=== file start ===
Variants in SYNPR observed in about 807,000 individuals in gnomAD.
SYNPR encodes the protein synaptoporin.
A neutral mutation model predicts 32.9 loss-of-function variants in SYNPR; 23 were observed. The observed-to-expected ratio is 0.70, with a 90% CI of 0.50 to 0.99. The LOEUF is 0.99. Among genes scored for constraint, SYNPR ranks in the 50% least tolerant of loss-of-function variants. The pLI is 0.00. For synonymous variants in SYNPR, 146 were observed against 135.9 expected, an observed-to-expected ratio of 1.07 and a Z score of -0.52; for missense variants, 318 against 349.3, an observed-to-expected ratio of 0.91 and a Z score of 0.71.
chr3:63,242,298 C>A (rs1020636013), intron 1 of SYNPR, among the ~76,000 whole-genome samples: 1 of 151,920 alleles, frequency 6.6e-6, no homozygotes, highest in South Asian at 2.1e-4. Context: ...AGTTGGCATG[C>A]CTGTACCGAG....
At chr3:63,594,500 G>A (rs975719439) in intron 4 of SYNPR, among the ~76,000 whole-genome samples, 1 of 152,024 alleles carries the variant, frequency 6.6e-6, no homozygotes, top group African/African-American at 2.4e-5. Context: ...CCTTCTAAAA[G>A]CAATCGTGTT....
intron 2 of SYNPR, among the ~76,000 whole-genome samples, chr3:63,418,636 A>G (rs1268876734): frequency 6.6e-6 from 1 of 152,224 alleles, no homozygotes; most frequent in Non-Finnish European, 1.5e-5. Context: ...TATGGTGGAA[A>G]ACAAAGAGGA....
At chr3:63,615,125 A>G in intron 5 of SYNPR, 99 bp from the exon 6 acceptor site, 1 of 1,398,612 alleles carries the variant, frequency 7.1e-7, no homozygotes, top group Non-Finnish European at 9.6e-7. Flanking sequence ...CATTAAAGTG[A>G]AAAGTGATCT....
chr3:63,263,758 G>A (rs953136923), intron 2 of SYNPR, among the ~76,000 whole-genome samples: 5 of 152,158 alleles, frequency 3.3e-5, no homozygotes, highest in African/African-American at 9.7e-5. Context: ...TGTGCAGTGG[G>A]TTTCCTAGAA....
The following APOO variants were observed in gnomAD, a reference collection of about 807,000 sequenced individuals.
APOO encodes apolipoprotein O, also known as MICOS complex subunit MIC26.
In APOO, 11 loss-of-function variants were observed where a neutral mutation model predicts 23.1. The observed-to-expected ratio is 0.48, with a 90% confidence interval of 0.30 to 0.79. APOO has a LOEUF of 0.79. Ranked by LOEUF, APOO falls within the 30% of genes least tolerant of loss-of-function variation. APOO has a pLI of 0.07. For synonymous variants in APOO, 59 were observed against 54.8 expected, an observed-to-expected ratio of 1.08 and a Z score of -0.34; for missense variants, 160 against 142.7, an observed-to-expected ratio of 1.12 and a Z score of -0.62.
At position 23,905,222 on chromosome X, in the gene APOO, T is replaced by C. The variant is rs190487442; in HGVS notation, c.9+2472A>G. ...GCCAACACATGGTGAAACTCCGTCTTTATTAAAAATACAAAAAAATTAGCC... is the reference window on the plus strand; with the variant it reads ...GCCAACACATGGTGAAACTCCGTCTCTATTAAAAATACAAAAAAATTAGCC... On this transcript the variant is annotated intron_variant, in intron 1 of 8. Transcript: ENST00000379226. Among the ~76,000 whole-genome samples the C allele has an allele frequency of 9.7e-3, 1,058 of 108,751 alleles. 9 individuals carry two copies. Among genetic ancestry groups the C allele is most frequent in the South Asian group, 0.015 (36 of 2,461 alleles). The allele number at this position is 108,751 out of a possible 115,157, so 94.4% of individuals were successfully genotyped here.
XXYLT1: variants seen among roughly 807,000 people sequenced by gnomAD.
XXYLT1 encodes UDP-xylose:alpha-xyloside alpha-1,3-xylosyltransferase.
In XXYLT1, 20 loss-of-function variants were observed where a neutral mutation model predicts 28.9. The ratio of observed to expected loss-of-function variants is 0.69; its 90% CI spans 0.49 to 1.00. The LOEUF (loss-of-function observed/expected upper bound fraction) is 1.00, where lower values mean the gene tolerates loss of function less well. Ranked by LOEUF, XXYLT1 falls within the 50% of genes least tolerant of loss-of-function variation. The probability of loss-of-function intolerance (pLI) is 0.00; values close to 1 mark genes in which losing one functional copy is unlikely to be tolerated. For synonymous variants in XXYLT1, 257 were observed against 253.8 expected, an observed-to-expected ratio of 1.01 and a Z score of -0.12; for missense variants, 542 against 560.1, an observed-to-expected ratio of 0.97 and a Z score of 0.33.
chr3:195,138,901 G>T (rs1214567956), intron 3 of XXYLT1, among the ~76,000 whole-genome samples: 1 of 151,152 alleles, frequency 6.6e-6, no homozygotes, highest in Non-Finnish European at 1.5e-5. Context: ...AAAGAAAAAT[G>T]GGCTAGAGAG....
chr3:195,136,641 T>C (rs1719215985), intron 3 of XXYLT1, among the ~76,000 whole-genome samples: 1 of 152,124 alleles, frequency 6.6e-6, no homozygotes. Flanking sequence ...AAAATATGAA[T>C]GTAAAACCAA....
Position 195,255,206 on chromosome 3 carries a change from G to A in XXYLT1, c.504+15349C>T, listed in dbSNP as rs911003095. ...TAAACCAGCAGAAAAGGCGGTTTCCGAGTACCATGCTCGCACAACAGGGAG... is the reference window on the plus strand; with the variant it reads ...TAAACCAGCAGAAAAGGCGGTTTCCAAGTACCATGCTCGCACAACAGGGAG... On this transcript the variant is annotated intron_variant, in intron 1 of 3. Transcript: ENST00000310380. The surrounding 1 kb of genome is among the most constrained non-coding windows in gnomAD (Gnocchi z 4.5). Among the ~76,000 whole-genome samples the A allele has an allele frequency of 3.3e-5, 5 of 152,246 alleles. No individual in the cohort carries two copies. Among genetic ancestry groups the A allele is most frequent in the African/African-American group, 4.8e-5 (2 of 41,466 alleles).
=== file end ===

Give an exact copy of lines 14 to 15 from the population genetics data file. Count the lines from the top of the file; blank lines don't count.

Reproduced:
XXYLT1 encodes UDP-xylose:alpha-xyloside alpha-1,3-xylosyltransferase.
In XXYLT1, 20 loss-of-function variants were observed where a neutral mutation model predicts 28.9. The ratio of observed to expected loss-of-function variants is 0.69; its 90% CI spans 0.49 to 1.00. The LOEUF (loss-of-function observed/expected upper bound fraction) is 1.00, where lower values mean the gene tolerates loss of function less well. Ranked by LOEUF, XXYLT1 falls within the 50% of genes least tolerant of loss-of-function variation. The probability of loss-of-function intolerance (pLI) is 0.00; values close to 1 mark genes in which losing one functional copy is unlikely to be tolerated. For synonymous variants in XXYLT1, 257 were observed against 253.8 expected, an observed-to-expected ratio of 1.01 and a Z score of -0.12; for missense variants, 542 against 560.1, an observed-to-expected ratio of 0.97 and a Z score of 0.33.